Thursday, March 2, 2017

Surrender & Compliance

Compliance and guilt are ways that many a client has hoodwinked an unwary sponsor or therapist.
Shame-based people tend to seek out and even embrace punishment. 
Admitting guilt and paying for it enhances the denial of what they most deeply feared - quitting doing ...  fill in the blank. To have quit whatever it was ... fill in the blank ... then the individual would have to admit that his or her life was out of control ... drinking say ... thus by admitting that would expose the drinker as a flawed and defective human being.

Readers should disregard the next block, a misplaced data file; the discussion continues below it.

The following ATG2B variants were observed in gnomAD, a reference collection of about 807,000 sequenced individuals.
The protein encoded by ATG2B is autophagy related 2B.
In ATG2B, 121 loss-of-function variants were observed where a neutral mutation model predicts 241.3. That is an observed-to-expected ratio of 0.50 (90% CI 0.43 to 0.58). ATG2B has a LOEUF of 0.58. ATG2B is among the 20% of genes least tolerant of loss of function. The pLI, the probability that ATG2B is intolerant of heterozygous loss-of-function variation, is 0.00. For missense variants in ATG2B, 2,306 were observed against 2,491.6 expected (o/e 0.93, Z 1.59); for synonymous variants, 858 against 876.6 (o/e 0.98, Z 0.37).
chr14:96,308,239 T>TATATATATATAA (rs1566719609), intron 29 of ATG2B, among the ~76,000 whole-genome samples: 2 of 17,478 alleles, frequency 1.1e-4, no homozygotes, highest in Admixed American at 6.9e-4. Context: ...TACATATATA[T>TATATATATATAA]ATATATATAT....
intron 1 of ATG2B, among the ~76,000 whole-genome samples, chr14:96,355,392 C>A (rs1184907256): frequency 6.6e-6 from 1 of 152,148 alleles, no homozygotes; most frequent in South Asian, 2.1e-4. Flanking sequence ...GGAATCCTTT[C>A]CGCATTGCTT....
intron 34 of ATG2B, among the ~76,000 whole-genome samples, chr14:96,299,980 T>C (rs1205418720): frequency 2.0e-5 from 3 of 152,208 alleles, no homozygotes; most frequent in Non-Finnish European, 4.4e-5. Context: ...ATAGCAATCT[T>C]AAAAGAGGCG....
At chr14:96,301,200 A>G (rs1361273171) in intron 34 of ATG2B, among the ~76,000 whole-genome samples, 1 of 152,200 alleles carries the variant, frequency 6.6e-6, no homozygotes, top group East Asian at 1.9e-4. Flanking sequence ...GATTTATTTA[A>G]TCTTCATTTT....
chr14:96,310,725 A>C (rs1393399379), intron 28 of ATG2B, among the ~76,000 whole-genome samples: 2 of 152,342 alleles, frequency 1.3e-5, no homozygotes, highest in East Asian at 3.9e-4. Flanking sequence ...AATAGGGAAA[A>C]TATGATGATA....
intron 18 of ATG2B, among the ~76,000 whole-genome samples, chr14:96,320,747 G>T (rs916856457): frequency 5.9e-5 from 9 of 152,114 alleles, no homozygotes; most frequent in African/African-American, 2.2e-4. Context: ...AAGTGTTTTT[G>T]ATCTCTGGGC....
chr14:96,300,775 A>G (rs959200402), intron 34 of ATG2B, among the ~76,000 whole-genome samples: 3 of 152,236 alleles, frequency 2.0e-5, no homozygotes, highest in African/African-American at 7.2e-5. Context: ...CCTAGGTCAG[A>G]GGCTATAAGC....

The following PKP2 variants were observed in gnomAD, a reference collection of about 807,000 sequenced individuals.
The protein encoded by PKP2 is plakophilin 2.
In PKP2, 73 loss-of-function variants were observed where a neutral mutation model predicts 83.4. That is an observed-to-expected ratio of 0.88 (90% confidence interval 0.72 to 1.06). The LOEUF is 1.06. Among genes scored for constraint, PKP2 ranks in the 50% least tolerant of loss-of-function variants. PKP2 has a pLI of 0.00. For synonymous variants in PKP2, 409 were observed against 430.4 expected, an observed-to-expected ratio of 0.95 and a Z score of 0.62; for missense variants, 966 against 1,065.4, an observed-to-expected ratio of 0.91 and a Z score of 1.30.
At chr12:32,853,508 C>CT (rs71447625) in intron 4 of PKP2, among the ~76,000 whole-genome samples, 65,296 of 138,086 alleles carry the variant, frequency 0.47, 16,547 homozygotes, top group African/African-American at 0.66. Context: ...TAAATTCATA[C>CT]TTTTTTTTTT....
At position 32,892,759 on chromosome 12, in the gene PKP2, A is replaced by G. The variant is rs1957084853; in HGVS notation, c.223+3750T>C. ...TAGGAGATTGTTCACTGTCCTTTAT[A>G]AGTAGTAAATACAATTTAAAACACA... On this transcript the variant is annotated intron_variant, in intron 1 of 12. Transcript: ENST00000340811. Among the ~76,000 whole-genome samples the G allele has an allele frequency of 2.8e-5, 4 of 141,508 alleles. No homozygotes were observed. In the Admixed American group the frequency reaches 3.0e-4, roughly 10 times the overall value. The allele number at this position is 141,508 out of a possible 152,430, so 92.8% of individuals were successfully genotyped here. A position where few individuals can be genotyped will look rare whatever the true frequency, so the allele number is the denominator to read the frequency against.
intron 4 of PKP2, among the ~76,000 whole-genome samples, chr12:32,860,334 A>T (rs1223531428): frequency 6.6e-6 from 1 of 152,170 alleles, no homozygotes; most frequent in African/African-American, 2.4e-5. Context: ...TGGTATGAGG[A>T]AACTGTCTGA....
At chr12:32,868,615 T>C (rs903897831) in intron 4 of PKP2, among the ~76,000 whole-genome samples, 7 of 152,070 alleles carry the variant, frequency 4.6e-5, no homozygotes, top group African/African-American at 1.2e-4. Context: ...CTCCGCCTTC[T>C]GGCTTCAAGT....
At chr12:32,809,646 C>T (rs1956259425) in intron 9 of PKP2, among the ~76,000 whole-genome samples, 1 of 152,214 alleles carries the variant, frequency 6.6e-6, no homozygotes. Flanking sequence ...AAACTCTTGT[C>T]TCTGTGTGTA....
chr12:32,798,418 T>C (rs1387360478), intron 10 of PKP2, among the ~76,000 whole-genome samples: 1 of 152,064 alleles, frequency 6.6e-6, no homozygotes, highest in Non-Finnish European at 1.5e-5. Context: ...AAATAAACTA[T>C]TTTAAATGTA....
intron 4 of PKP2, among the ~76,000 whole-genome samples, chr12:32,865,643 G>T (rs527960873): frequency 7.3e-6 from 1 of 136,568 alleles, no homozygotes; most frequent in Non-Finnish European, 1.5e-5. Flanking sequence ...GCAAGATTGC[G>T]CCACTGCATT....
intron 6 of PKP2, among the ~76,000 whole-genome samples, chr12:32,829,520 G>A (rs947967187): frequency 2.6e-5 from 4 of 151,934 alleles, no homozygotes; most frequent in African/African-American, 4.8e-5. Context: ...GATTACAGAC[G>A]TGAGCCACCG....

The theory that is held by the uninitiated says, no one willingly wants to have their face ground down into their shame or painthat is not necessarily so, some need their shame fix and thus will go out of the way to obtain it.
A Shame Fix.
The conundrum to the whole thing is: the only way out of the compulsive/addictive shame cycle is to embrace the shame, not ignore it and don’t pretend it does not exist.

That is what it means to surrender.

Surrender is motivated by the acceptance of shame.  For an addict, surrender is the first true act of freedom since beginning the addiction.  It is best embodied in the following: Talking about our problems, mapping out our family’s dysfunction is not the same as taking action.  Action means that I've let go of control and I'm willing to listen to someone else and do it his way, rather than my own way. [1]

[1] Taken from John Bradshaw’s The Family, page 196/ paragraph 2...